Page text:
Lotus Elan

The Sagging Door Saga

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And now for a few words about the saga of the Elan S3 doors.

I'm open to be criticized at this point but from my research it appears that most, if not all S3-S4 Elan Coupe and Drophead doors were fitted incorrectly. Just have a flick through a number of the Lotus books and look for a second glance at either the right or left hand doors on either a S3 or S4. On the S1 and 2's the doors appear to fit more or less as they should. On the later models either the exterior body panel are warped or the hinge bobbins are slightly incorrectly placed. I have a sneaking feeling it is a bit of both. The problem occurs when you come to a restoration. "Is it correct to restore the car back to its original poor state of door fit or correct the problem so the doors will open and close as they should?" I have had many an hour of discussion over this point. Originality is paramount but in the end I have decided to correct what needs to be corrected.

The first thing that was done was to remove the doors and their hinges. Each hinge is meticulously cleaned, checked and greased. By then both the outside and inside panels of the doors have had all panels cleaned of the old paint. This takes at least four hours...per side! The electric door lifts are removed and the chrome surround is also removed. It is surprising at this point to realise how light the door structure has become. Place the cleaned hinge back into the door and finger tighten the four bolts that retain the units. Slowly reposition the door so as both the top and bottom neoprene hinge units are fitted into the hinge bobbins. I would suggest that before this point has been reached each hinge bobbin (and its neoprene male 'bit'), is checked for ovality and wear. If you find the slightest amount of wear, the bobbin units must be replaced. Remember if you wish the doors not to wobble when they are opened check the hinges very carefully.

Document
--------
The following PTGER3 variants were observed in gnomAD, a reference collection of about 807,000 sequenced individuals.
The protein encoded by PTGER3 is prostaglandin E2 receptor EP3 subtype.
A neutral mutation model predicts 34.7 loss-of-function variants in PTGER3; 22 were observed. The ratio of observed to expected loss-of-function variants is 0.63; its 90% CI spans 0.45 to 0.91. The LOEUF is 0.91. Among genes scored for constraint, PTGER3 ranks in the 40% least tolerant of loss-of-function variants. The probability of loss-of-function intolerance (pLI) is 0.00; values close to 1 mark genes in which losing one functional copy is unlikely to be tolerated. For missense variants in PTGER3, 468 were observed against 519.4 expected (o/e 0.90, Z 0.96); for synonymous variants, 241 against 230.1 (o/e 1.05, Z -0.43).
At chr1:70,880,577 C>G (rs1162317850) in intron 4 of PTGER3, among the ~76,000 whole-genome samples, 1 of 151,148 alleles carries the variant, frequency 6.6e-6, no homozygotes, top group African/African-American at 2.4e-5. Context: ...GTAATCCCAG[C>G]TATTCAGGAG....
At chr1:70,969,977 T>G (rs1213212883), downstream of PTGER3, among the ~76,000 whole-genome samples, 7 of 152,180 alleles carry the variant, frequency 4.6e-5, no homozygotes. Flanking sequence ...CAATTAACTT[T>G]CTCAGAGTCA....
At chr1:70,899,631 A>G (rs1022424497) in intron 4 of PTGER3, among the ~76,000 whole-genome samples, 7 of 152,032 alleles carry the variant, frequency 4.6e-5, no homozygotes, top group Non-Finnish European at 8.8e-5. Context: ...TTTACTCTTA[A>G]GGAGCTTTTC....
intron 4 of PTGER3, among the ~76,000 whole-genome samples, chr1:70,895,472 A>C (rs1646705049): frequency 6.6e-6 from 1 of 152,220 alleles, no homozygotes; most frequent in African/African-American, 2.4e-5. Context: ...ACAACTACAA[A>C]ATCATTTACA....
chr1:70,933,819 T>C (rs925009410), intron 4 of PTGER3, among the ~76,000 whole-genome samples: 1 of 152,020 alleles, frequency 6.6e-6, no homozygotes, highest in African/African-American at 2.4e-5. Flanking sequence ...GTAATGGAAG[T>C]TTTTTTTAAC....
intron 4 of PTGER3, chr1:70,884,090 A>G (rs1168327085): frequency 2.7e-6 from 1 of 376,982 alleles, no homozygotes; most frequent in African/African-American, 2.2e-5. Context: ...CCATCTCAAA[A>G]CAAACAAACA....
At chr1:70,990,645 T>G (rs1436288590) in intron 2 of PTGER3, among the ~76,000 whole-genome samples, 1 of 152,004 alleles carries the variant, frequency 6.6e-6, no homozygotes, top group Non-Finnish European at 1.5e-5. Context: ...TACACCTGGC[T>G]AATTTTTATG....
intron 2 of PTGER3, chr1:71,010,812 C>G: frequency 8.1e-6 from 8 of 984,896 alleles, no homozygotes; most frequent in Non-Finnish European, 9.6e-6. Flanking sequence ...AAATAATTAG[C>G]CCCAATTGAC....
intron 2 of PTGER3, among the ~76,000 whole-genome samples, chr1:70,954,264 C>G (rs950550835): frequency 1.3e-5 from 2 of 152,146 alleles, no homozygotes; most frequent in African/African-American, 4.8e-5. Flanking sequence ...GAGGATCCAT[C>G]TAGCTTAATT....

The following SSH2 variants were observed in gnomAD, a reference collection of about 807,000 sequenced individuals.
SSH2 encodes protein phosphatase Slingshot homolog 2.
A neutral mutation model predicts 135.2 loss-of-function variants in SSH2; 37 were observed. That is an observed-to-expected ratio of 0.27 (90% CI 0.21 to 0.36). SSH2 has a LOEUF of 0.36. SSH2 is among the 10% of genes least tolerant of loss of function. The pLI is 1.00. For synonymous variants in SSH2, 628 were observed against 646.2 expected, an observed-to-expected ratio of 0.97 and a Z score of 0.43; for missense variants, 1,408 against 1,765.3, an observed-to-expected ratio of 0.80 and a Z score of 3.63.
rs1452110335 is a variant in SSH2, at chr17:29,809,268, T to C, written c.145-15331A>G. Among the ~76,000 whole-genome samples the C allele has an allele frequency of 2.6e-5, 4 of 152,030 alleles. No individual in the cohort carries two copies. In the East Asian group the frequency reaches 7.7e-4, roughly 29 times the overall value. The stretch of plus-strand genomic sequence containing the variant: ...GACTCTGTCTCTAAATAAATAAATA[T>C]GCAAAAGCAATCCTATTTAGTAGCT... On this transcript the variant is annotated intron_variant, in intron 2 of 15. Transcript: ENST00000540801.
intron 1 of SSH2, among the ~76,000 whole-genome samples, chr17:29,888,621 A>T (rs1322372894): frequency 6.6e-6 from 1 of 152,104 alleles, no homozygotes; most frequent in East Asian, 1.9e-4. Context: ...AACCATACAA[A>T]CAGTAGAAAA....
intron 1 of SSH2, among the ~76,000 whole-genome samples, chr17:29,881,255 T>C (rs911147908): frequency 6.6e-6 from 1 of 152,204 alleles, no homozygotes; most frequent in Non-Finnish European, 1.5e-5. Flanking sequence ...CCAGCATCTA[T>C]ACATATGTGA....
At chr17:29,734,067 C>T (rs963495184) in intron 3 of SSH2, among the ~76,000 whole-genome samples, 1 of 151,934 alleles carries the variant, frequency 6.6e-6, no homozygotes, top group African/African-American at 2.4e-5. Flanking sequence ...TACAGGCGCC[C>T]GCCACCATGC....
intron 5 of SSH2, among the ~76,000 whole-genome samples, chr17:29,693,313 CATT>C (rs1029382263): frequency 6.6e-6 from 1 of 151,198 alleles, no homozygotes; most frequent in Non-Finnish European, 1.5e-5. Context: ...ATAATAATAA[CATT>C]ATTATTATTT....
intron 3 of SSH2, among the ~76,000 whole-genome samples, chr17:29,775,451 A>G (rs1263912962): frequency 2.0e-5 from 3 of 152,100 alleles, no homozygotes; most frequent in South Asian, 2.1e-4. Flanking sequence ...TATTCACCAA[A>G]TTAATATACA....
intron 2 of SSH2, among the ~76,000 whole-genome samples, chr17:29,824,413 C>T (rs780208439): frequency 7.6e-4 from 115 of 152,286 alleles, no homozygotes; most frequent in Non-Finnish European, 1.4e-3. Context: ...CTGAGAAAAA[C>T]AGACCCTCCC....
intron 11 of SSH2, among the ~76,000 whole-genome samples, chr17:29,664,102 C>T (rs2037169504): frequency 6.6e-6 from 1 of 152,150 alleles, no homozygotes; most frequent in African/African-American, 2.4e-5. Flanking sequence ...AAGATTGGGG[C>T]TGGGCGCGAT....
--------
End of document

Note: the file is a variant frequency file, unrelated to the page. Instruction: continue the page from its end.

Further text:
Next position both the top and bottom hinge into place and tighten just beyond finger tight. Close the door and view its closure from the outside of the car. The front of the door can usually be aligned with some ease. The back usually makes an effort to come in at the top rear but goes walkabout to the bottom rear. My doors come out about a centimetre at the bottom rear. Now I could attack the bobbins and place them in another position to improve the realignment. Its one hell of a job and unfortunately after a little experiment it would not solve the overall basic problem....the doors are warped.

Kiwi ingenuity kicks into place at this point. The first thing I did was to place the door in its best position of alignment and torque up all the bolts. Open and shut it a dozen times just to check the position. Then make a cross on the door with a pencil to mark the centre of the vertical and horizontal positions of the major structure of the door. About 6" out from the centre and cross over point of the pencil marks drill two holes in the door skin on the horizontal plain. Not large but enough to take a couple small bolts. These bolts will protrude outwards about 1 cm when their nuts have been tightened and act as repositioning beacons (technical eh!). Now you are wondering what the hell happens next aren't you? Well it is now to take the door from the vehicle and place the door's inner skin down upon a Black and Decker workmate (thank's Ron) base. With the bolts protruding upwards towards you place two layers of release wax over the exterior skin of the door. Make sure you cover the bolts with a couple of layers of the wax. Work it well into the surface. Then make up a quantity of polyester resin and combine with a couple of layers of 1.5oz chopped strand glass fibre. Apply over the area that you have waxed. Then place two lengths of approx. 5cm x 2cm x 150cm wood horizontally along the length of the door panel and place within the recently laid glassfibre. Place another two layers of chopped strand matt over the wooded reinforcement formers. Let the unit dry over night and release in the morning. You have now a perfect rendition of the outside of a large area of your door. Before you release it from its base, mark clearly the top that corresponds with the top of the door (nearest where the glass is placed). Then release the unit from the door. There should be a crack and the unit will release itself with the two bolt holes clearly visible in the mould you have made.